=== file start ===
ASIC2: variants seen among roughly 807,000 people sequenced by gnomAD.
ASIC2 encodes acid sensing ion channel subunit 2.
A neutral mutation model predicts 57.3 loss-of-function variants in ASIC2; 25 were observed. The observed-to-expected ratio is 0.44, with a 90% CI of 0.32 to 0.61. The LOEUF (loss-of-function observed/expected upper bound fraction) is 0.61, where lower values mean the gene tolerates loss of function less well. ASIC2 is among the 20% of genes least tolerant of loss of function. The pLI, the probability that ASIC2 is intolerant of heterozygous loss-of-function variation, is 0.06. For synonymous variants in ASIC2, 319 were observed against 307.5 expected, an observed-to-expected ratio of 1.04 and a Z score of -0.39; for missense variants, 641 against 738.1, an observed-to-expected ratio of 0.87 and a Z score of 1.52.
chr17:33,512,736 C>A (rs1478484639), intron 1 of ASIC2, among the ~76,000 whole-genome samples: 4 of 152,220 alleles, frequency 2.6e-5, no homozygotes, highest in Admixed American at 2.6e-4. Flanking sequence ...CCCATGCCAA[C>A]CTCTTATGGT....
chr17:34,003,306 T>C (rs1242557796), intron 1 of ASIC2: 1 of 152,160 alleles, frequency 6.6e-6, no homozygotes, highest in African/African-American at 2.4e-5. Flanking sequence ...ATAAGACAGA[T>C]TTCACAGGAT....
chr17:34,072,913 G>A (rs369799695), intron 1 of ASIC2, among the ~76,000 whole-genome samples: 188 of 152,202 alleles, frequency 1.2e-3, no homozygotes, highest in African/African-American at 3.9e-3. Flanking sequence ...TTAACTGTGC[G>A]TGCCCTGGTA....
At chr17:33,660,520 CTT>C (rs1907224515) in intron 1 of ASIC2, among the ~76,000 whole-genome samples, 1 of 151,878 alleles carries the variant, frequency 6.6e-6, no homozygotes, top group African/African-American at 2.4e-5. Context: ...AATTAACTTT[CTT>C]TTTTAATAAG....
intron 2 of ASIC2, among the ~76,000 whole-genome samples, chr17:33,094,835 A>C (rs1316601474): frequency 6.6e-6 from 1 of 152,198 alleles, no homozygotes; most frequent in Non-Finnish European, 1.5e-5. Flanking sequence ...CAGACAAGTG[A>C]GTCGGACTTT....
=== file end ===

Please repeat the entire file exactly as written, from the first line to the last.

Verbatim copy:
ASIC2: variants seen among roughly 807,000 people sequenced by gnomAD.
ASIC2 encodes acid sensing ion channel subunit 2.
A neutral mutation model predicts 57.3 loss-of-function variants in ASIC2; 25 were observed. The observed-to-expected ratio is 0.44, with a 90% CI of 0.32 to 0.61. The LOEUF (loss-of-function observed/expected upper bound fraction) is 0.61, where lower values mean the gene tolerates loss of function less well. ASIC2 is among the 20% of genes least tolerant of loss of function. The pLI, the probability that ASIC2 is intolerant of heterozygous loss-of-function variation, is 0.06. For synonymous variants in ASIC2, 319 were observed against 307.5 expected, an observed-to-expected ratio of 1.04 and a Z score of -0.39; for missense variants, 641 against 738.1, an observed-to-expected ratio of 0.87 and a Z score of 1.52.
chr17:33,512,736 C>A (rs1478484639), intron 1 of ASIC2, among the ~76,000 whole-genome samples: 4 of 152,220 alleles, frequency 2.6e-5, no homozygotes, highest in Admixed American at 2.6e-4. Flanking sequence ...CCCATGCCAA[C>A]CTCTTATGGT....
chr17:34,003,306 T>C (rs1242557796), intron 1 of ASIC2: 1 of 152,160 alleles, frequency 6.6e-6, no homozygotes, highest in African/African-American at 2.4e-5. Flanking sequence ...ATAAGACAGA[T>C]TTCACAGGAT....
chr17:34,072,913 G>A (rs369799695), intron 1 of ASIC2, among the ~76,000 whole-genome samples: 188 of 152,202 alleles, frequency 1.2e-3, no homozygotes, highest in African/African-American at 3.9e-3. Flanking sequence ...TTAACTGTGC[G>A]TGCCCTGGTA....
At chr17:33,660,520 CTT>C (rs1907224515) in intron 1 of ASIC2, among the ~76,000 whole-genome samples, 1 of 151,878 alleles carries the variant, frequency 6.6e-6, no homozygotes, top group African/African-American at 2.4e-5. Context: ...AATTAACTTT[CTT>C]TTTTAATAAG....
intron 2 of ASIC2, among the ~76,000 whole-genome samples, chr17:33,094,835 A>C (rs1316601474): frequency 6.6e-6 from 1 of 152,198 alleles, no homozygotes; most frequent in Non-Finnish European, 1.5e-5. Flanking sequence ...CAGACAAGTG[A>C]GTCGGACTTT....